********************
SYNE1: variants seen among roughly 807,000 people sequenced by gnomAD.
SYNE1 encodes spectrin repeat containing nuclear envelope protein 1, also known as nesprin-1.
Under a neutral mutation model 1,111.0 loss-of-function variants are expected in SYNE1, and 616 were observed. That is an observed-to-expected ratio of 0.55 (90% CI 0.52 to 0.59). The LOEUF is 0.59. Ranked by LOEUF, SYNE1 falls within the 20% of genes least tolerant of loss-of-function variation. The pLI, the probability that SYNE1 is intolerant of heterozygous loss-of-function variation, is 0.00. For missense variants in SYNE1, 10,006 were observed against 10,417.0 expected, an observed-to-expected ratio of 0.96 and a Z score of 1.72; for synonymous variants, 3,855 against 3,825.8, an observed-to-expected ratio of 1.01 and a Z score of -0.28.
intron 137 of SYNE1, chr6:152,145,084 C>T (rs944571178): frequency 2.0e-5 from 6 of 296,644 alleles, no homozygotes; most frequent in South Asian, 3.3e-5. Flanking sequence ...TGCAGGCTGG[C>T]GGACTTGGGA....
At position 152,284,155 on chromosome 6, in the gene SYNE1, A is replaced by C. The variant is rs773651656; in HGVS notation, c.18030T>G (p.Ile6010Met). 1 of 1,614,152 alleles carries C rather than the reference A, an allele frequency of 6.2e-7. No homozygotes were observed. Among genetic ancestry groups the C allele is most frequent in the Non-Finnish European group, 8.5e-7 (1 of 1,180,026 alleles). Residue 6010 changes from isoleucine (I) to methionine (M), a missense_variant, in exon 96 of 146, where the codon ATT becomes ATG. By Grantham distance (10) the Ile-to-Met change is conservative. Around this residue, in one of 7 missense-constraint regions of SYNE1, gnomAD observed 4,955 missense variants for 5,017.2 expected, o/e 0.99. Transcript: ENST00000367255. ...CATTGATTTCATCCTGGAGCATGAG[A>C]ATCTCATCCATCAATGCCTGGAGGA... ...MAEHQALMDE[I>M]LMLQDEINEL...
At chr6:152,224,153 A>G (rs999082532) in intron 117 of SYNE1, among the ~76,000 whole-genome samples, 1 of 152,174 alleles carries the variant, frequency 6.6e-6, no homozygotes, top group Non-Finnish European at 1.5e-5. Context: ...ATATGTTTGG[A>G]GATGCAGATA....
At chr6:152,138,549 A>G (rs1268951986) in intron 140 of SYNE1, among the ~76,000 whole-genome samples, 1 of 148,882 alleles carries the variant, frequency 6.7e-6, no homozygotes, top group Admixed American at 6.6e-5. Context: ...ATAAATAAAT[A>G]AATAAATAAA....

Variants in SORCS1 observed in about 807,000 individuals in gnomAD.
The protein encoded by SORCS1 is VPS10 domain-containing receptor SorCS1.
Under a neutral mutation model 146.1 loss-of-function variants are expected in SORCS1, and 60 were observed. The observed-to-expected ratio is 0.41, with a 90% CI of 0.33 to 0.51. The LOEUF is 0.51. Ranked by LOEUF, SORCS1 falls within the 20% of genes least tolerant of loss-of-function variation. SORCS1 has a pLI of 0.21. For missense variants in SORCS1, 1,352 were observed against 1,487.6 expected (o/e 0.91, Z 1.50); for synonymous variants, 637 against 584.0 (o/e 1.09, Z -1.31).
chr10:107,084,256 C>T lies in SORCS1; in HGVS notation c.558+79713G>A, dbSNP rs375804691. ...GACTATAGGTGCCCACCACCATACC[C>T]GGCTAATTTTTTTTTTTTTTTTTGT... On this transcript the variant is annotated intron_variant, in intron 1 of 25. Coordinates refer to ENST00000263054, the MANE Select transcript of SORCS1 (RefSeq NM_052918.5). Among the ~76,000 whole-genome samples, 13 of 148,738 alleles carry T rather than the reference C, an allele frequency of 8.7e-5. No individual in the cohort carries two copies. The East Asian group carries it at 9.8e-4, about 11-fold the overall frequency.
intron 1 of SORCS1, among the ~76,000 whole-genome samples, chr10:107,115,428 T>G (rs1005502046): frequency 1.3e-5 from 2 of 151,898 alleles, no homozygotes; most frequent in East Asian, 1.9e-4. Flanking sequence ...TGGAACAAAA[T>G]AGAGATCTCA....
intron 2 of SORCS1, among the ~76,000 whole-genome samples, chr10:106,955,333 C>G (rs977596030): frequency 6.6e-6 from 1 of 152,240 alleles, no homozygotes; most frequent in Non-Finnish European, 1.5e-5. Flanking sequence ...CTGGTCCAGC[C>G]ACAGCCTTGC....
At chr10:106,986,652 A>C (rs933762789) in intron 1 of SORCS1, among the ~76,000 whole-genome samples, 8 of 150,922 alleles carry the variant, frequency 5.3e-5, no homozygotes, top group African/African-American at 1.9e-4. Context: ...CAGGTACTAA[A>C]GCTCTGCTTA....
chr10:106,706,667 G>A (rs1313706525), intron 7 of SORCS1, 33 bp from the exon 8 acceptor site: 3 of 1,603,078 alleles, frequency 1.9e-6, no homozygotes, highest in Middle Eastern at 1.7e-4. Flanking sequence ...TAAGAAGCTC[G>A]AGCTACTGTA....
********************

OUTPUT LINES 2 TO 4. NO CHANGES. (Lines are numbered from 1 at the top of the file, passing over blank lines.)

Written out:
SYNE1 encodes spectrin repeat containing nuclear envelope protein 1, also known as nesprin-1.
Under a neutral mutation model 1,111.0 loss-of-function variants are expected in SYNE1, and 616 were observed. That is an observed-to-expected ratio of 0.55 (90% CI 0.52 to 0.59). The LOEUF is 0.59. Ranked by LOEUF, SYNE1 falls within the 20% of genes least tolerant of loss-of-function variation. The pLI, the probability that SYNE1 is intolerant of heterozygous loss-of-function variation, is 0.00. For missense variants in SYNE1, 10,006 were observed against 10,417.0 expected, an observed-to-expected ratio of 0.96 and a Z score of 1.72; for synonymous variants, 3,855 against 3,825.8, an observed-to-expected ratio of 1.01 and a Z score of -0.28.
intron 137 of SYNE1, chr6:152,145,084 C>T (rs944571178): frequency 2.0e-5 from 6 of 296,644 alleles, no homozygotes; most frequent in South Asian, 3.3e-5. Flanking sequence ...TGCAGGCTGG[C>T]GGACTTGGGA....